Jun 192019
 June 19, 2019  Posted by  Court, Non-U.S., Online

Facebook and Twitter were ordered to appear in court after two teenage youths were identified on their platforms as the murderers of Ana Kriegel — despite a court order that they not be named.

As Eoin Reynolds and Laura Slattery report:

The order was made after it emerged that social media users had identified the 14-year-old boys despite an order by the trial judge preventing their being named and a provision under the Children Act that prohibits the identification of minors accused of or convicted of a criminal offence.

Read more on Irish Times.

Remember when other convicted murderers demanded that U.S. sites remove their names because they had been issued an order by a court protecting their identities? And remember how some of us said that we were not bound by what a court in Germany might decide and our First Amendment and press freedoms trumped (no pun intended) a non-U.S. court?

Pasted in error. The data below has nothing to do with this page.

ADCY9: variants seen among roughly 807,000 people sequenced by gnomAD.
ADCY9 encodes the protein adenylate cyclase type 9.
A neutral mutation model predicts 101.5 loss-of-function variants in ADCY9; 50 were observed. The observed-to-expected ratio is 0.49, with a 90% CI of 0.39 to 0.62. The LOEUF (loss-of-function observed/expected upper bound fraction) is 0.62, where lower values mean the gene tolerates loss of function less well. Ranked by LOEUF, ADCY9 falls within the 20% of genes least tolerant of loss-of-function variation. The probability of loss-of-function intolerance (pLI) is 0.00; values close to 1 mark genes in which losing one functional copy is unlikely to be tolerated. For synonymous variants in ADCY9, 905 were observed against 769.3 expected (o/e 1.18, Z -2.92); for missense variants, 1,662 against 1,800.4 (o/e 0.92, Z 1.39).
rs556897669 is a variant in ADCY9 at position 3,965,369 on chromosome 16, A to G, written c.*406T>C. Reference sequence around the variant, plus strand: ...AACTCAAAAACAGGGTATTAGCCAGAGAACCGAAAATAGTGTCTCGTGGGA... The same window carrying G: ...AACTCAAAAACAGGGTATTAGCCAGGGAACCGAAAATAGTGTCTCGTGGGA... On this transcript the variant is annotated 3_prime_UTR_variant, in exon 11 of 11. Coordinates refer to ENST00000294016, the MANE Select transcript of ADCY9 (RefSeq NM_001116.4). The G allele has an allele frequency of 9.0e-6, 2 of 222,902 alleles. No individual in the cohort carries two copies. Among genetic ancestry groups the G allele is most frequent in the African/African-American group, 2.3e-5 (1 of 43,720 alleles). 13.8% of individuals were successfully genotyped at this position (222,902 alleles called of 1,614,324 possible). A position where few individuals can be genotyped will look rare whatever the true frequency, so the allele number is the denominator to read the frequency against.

Well, that was a few years ago, and now it seems that platforms are making serious efforts to comply with non-U.S. laws — even if they directly conflict with our notion of a free press.


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